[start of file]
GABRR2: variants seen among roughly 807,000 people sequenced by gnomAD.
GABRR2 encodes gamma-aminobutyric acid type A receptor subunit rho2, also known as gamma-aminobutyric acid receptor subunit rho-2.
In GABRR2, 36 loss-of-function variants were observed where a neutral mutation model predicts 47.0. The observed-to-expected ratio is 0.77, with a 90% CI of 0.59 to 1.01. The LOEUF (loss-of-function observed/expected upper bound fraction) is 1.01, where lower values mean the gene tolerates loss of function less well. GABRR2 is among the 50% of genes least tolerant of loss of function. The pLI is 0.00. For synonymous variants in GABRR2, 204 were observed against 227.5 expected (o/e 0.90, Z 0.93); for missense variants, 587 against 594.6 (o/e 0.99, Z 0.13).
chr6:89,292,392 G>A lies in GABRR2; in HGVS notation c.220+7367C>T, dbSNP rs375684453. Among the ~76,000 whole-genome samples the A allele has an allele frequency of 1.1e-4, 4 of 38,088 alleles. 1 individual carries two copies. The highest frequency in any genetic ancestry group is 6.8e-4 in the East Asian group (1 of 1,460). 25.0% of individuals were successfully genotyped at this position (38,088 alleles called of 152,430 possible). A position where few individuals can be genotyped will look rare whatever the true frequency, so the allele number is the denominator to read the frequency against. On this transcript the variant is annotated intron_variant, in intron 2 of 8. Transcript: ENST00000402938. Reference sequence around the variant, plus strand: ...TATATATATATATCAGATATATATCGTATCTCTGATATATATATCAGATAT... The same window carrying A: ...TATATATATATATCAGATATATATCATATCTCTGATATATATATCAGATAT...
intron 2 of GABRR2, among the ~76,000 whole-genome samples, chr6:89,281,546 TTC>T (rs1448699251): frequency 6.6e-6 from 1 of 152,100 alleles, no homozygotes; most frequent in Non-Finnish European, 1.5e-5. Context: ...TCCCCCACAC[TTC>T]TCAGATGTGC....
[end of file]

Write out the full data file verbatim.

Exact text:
GABRR2: variants seen among roughly 807,000 people sequenced by gnomAD.
GABRR2 encodes gamma-aminobutyric acid type A receptor subunit rho2, also known as gamma-aminobutyric acid receptor subunit rho-2.
In GABRR2, 36 loss-of-function variants were observed where a neutral mutation model predicts 47.0. The observed-to-expected ratio is 0.77, with a 90% CI of 0.59 to 1.01. The LOEUF (loss-of-function observed/expected upper bound fraction) is 1.01, where lower values mean the gene tolerates loss of function less well. GABRR2 is among the 50% of genes least tolerant of loss of function. The pLI is 0.00. For synonymous variants in GABRR2, 204 were observed against 227.5 expected (o/e 0.90, Z 0.93); for missense variants, 587 against 594.6 (o/e 0.99, Z 0.13).
chr6:89,292,392 G>A lies in GABRR2; in HGVS notation c.220+7367C>T, dbSNP rs375684453. Among the ~76,000 whole-genome samples the A allele has an allele frequency of 1.1e-4, 4 of 38,088 alleles. 1 individual carries two copies. The highest frequency in any genetic ancestry group is 6.8e-4 in the East Asian group (1 of 1,460). 25.0% of individuals were successfully genotyped at this position (38,088 alleles called of 152,430 possible). A position where few individuals can be genotyped will look rare whatever the true frequency, so the allele number is the denominator to read the frequency against. On this transcript the variant is annotated intron_variant, in intron 2 of 8. Transcript: ENST00000402938. Reference sequence around the variant, plus strand: ...TATATATATATATCAGATATATATCGTATCTCTGATATATATATCAGATAT... The same window carrying A: ...TATATATATATATCAGATATATATCATATCTCTGATATATATATCAGATAT...
intron 2 of GABRR2, among the ~76,000 whole-genome samples, chr6:89,281,546 TTC>T (rs1448699251): frequency 6.6e-6 from 1 of 152,100 alleles, no homozygotes; most frequent in Non-Finnish European, 1.5e-5. Context: ...TCCCCCACAC[TTC>T]TCAGATGTGC....